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For lifters on a budget, turning to a pair of Vans shoes is the go-to solution when needing good yet affordable shoes for lifting, particularly squats and deadlifts. But is it true?
Are Vans good for lifting? Yes, Vans shoes are good for lifting due to their flat, dense soles, providing optimal stability and ground force transfer during key lifts like squats and deadlifts. Their zero-drop design ensures a flat-footed position for proper form. But while cost-effective, they may lack features like ankle support that professional powerlifters require.
Still, Vans aren’t the best out there. They don’t match Converse, for example, or specialized lifting shoes. You'll want to read the full article to see if these shoes will fit your routine.
In this article, I’ll discuss why Vans shoes can work for lifting, when not to use them, and what to consider before wearing Vans at the gym.
What Makes Vans A Good Shoe For Lifting? 6 Benefits
There are six benefits that make Vans a good shoe for lifting:
- Vans are zero-drop
- Vans feature a flat, non-slip sole
- Vans are breathable
- Vans are durable
- Vans are available in high-top or low-top
- Vans are affordable
Vans Are Zero-Drop
Since the ’60s, Vans has been designed with a “zero drop”. If you don’t know what zero drop means, it’s a term that refers to the absence of a drop in the sole of the shoe from the heel to the toe.
This is beneficial for lifters because a no-drop sole provides great stability as it maintains the natural positioning of the foot.
Many lifters actually like working out with less arch support since it pushes the arch to do more work and allows them to “feel the floor” a lot more, which is important in exercises like squats and deadlifts where balance and stability are critical.
Vans Feature a Flat, Non-Slip Sole
Granted, the sole of a Vans shoe isn’t as firm as that of the Converse, but it still offers decent friction and comfortable performance. The increased friction of a flat sole boosts ground reaction force, giving you a more substantial training response.
Vans Are Breathable
Vans are made out of a premium quality canvas, which is a plain-woven fabric. It’s durable and rugged, designed to keep your foot locked in place while still having some flexibility. Not to mention, Canvas offers good breathability to prevent the interior from heating up too much during lifts.
Vans Are Durable
As you might already know, Vans was originally designed to be worn by skaters when skateboarding. If you’d romped around on skateboards as a teen or still do, chances are you’ve worn a pair of these while doing your thing.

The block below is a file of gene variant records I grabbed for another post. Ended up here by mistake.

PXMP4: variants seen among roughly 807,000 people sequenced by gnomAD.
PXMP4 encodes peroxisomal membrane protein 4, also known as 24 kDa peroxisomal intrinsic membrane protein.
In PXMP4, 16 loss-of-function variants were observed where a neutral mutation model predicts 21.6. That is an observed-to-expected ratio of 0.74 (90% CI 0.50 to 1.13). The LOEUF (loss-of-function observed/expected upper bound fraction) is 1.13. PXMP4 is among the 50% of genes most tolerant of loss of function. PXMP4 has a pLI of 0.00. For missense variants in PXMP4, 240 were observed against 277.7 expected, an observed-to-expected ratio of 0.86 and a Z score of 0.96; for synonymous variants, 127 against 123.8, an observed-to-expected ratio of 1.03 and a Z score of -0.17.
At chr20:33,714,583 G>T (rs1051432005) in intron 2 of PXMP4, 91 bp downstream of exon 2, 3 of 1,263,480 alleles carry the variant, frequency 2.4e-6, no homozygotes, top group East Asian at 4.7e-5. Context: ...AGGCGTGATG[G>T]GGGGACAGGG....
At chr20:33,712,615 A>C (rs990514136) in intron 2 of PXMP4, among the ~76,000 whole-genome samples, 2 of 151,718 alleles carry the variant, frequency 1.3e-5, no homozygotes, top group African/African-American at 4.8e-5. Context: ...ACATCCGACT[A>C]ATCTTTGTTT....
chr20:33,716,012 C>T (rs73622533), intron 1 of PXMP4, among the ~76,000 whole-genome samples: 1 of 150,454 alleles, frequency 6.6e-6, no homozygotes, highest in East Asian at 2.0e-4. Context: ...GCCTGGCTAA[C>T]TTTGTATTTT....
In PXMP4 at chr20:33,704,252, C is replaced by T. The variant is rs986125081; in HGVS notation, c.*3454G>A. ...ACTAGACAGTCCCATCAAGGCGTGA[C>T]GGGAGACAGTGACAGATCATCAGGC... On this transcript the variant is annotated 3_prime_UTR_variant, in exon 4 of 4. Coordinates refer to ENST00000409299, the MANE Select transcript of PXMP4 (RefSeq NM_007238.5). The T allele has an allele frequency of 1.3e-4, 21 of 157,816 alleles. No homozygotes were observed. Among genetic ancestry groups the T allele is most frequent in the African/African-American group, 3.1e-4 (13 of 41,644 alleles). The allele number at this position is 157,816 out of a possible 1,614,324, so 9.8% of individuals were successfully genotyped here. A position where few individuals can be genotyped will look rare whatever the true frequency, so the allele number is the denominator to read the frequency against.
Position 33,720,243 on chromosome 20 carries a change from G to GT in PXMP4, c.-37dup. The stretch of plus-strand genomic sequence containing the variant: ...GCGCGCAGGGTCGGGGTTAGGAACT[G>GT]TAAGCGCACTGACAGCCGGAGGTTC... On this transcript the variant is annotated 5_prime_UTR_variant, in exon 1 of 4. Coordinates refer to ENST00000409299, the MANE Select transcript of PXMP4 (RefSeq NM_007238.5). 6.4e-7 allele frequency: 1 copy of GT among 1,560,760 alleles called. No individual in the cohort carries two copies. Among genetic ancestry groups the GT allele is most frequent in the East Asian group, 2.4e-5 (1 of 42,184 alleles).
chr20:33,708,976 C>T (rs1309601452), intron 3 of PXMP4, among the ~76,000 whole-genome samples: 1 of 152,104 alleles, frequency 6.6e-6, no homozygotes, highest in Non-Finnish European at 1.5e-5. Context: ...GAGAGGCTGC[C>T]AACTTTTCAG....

But here’s a piece of information you may not be familiar with: when you’re thrashing, you’re traveling through the lateral plane, and when you bail, you catch the ground with your foot being lateral to inertia.
What does this mean? Well, simply that the lateral seam and the toe box of Vans had to be really sturdy to endure the opposing force. Otherwise, the shoe would get wrecked.
As such, Vans was designed with durability in mind. They hold up great and offer excellent support for lateral shear.
In other words, Vans will last you a long time if you use them for lifting. They can even help you add some lateral speed and agility training to your general exercise routine.
Vans Are Available in High-Top or Low-Top
High-top shoes extend above the ankle to help maintain the normal posture of the body, whereas low-top shoes help keep the ankle somewhat open for extra flexibility.
Vans are available in both high-top and low-top models, so you can choose the one you prefer depending on your style and the type of exercise you want to perform.
Vans Are Affordable
If you’re a lifter on a tight budget and I present you with a pair of specialized lifting shoes that cost around $200 and a pair of decent enough shoes to get the job done with less than half the price, which one would you pick?
Yes, it’s true that Vans aren’t the best shoes to put on for lifting, but they’re good enough when you can’t afford anything else or if you only lift occasionally. I’d happily take a lifter wearing Vans to work out than a lifter postponing exercise because they can’t get the “fancy” shoes.
Read more: How Do Squat Shoes Compare With Converse Shoes For Lifting?
When Should You Consider NOT Wearing Vans For Weightlifting?
As I mentioned above, Vans are not specialized, traditional lifting shoes. So unless you’re looking for something affordable or you lift casually, Vans won’t help you achieve anything close to professional performance.
If you’re a weightlifter, powerlifter, or Crossfitter, you may want to consider other shoes for more serious training.
Here are a few of my top recommendations: